Women experience different heart attack symptoms than men and it's not always a crushing chest pain, so you might have even missed the signs!
Heart attacks are ranked the number 2 killer in Singapore and can strike both men and women.
But did you know that women experience symptoms which are not so classical as compared to men and might even miss some “silent symptoms”?
theAsianparent spoke to Dr Kenneth Ng, a Cardiologist at Mount Elizabeth Novena Hospital, who explains that women do not always get the classical central crushing chest pain like men do, but instead may feel:
- Breathless or shortness of breath
- Dizzy or lightheaded
- Cold sweat
- Unusual fatigue
- Nausea or vomiting
- Gastric discomfort
- Pain in one or both arms
- Pain in neck, jaw, shoulders, upper back or abdomen
“Silent heart attacks may also be more common in women. Women also seem to have less severe disease causing symptoms as well as vasospasm in which there are no obvious coronary lesions. Women have a higher rate of false positive stress tests for heart disease which makes preventative testing more difficult as the accuracy is lower”, he says.
Risk factors for women
According to Dr Ng, although women and men are at the same risk of getting heart disease, the only difference is that men’s risk of heart disease start to rise once they hit 50 years old whilst women’s risk of heart disease only rises 10 years after menopause (i.e around 60 years old).
“Before menopause, women are well protected against heart disease by estrogen. The problem is that when you have a heart attack at an older age, then your risk of complications will be higher”, he explains.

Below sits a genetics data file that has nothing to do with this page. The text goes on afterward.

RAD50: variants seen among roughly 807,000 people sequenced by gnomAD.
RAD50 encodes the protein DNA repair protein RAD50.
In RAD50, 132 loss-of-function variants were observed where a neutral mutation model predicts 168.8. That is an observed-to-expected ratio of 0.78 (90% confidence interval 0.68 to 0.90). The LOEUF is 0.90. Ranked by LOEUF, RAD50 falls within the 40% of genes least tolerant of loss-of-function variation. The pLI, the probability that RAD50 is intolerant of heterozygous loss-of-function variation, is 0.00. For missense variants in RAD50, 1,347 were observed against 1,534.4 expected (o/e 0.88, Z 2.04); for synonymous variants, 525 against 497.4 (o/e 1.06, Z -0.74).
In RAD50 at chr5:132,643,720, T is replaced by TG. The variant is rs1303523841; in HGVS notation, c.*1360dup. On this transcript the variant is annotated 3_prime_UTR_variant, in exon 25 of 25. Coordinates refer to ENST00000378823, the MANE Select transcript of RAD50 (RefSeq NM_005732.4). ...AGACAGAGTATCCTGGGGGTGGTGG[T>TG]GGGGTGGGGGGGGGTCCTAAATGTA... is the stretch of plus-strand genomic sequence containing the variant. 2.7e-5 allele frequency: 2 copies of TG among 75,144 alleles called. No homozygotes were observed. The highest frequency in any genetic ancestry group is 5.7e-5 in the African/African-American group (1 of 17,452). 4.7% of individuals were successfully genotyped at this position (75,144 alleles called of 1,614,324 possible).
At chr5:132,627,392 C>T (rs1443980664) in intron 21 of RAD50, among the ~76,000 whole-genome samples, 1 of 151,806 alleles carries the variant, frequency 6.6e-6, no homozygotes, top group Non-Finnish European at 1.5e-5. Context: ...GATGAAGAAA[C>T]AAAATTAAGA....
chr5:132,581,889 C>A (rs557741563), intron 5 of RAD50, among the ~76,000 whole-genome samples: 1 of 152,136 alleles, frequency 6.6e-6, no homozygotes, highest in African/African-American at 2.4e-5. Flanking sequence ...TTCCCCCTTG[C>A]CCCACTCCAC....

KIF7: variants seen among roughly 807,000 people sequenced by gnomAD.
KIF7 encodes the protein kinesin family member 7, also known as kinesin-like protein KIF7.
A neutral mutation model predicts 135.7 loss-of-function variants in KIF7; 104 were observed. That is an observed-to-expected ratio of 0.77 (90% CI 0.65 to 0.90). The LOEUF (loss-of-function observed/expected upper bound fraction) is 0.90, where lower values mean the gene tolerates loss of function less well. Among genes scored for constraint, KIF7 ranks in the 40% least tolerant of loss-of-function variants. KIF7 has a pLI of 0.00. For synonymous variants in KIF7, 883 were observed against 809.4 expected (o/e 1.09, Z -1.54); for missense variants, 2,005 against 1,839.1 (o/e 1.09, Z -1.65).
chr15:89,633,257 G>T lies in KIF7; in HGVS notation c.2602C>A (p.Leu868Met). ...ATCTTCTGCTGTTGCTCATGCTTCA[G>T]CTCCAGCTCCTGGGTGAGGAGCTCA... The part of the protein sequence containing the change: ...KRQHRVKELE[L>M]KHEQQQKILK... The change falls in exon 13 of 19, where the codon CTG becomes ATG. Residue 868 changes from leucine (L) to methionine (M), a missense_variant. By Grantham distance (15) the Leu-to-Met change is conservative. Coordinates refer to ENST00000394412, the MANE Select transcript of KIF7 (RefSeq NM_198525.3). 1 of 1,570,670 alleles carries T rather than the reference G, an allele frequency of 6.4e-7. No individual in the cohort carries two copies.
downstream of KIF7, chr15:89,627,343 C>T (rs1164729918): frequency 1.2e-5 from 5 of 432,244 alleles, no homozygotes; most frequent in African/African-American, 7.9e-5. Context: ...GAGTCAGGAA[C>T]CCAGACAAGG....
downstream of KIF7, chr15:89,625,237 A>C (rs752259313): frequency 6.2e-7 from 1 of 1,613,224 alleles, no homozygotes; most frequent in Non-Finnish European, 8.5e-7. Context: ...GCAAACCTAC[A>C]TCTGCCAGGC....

Women who develop hypertension during pregnancy also have twice the higher risk of getting a stroke and 4 times higher risk of developing hypertension later in life.
Besides pregnancy complications and menopause being risk factors for women developing heart disease, there are some factors that actually put women at greater risk than men, such as stress, depression, diabetes, inactivity and smoking.
Gender specific tests to detect heart attack in women
In a traditional diagnosis of heart attack for both men and women, it has been discovered that this method could actually miss detecting some women who have had an attack due to their lower levels of troponin I proteins in the blood.
When a heart attack strikes and causes damage to the heart muscle, these troponin I proteins are released in the blood — and the amount of such proteins released depends on the amount of damage to the heart.
The average level of troponin I for men is 1230 whereas for women is 50ng/L., so women who had heart attacks tend to have a lower troponon I level.
By using a gender specific test with the cut-off of 16ng/L, the percentage of women who were diagnosed with a heart attack was 22% versus only 16% when using the generic cut-off of 26ng/L.
Dr Ng explains that by diagnosing more women with heart attacks, they will receive the appropriate treatment faster and expeditiously, so as to prevent complications and to promote recovery.
“If the diagnosis was missed, then severe consequence will result. Hopefully by using a lower cut-off, more women will be diagnosed and can get the appropriate treatment quickly, which will lead to better outcomes”, he says.
These gender specific tests are available at most hospitals and specialist clinics in Singapore and can be done in conjunction with symptoms and a suspicion of a heart attack.
What to do if you have heart attack symptoms
Women generally tend to delay seeking medical treatment, so if you have experienced any of the symptoms of a heart attack, you should seek for help immediately.
Do not drive to the clinic or hospital yourself, but get a family member or friend to help send you there — although it is also advisable to call for an ambulance instead.
Remember not to brush off or ignore the symptoms because you never know if you could have just suffered a heart attack without even realising it.
Go to the next page to view an infographic and find out the difference between a heart attack and a cardiac arrest